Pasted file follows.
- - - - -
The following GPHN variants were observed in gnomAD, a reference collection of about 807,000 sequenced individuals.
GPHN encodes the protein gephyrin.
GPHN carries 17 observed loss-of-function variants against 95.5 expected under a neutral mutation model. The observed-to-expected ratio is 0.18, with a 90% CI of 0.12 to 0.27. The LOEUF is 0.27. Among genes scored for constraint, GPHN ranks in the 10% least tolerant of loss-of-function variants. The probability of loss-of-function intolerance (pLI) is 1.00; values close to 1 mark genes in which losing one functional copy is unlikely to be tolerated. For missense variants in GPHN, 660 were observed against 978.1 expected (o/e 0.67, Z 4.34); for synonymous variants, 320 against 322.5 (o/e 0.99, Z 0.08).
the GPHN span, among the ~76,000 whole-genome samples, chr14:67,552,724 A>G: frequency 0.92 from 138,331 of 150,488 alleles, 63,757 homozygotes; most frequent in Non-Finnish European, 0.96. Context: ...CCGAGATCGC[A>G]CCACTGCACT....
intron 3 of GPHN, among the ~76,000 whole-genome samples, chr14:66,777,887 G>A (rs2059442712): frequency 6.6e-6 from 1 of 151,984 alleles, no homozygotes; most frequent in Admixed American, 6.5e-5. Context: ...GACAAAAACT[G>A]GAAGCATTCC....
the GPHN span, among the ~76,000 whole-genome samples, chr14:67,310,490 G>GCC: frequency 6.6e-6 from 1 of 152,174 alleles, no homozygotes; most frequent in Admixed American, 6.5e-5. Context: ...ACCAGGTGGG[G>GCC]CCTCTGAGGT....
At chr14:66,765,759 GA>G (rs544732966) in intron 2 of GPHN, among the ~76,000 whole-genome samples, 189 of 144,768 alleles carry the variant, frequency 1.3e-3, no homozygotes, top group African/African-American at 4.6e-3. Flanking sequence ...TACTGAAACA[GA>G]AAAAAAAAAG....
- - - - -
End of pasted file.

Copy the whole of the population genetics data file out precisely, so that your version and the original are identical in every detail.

The following GPHN variants were observed in gnomAD, a reference collection of about 807,000 sequenced individuals.
GPHN encodes the protein gephyrin.
GPHN carries 17 observed loss-of-function variants against 95.5 expected under a neutral mutation model. The observed-to-expected ratio is 0.18, with a 90% CI of 0.12 to 0.27. The LOEUF is 0.27. Among genes scored for constraint, GPHN ranks in the 10% least tolerant of loss-of-function variants. The probability of loss-of-function intolerance (pLI) is 1.00; values close to 1 mark genes in which losing one functional copy is unlikely to be tolerated. For missense variants in GPHN, 660 were observed against 978.1 expected (o/e 0.67, Z 4.34); for synonymous variants, 320 against 322.5 (o/e 0.99, Z 0.08).
the GPHN span, among the ~76,000 whole-genome samples, chr14:67,552,724 A>G: frequency 0.92 from 138,331 of 150,488 alleles, 63,757 homozygotes; most frequent in Non-Finnish European, 0.96. Context: ...CCGAGATCGC[A>G]CCACTGCACT....
intron 3 of GPHN, among the ~76,000 whole-genome samples, chr14:66,777,887 G>A (rs2059442712): frequency 6.6e-6 from 1 of 151,984 alleles, no homozygotes; most frequent in Admixed American, 6.5e-5. Context: ...GACAAAAACT[G>A]GAAGCATTCC....
the GPHN span, among the ~76,000 whole-genome samples, chr14:67,310,490 G>GCC: frequency 6.6e-6 from 1 of 152,174 alleles, no homozygotes; most frequent in Admixed American, 6.5e-5. Context: ...ACCAGGTGGG[G>GCC]CCTCTGAGGT....
At chr14:66,765,759 GA>G (rs544732966) in intron 2 of GPHN, among the ~76,000 whole-genome samples, 189 of 144,768 alleles carry the variant, frequency 1.3e-3, no homozygotes, top group African/African-American at 4.6e-3. Flanking sequence ...TACTGAAACA[GA>G]AAAAAAAAAG....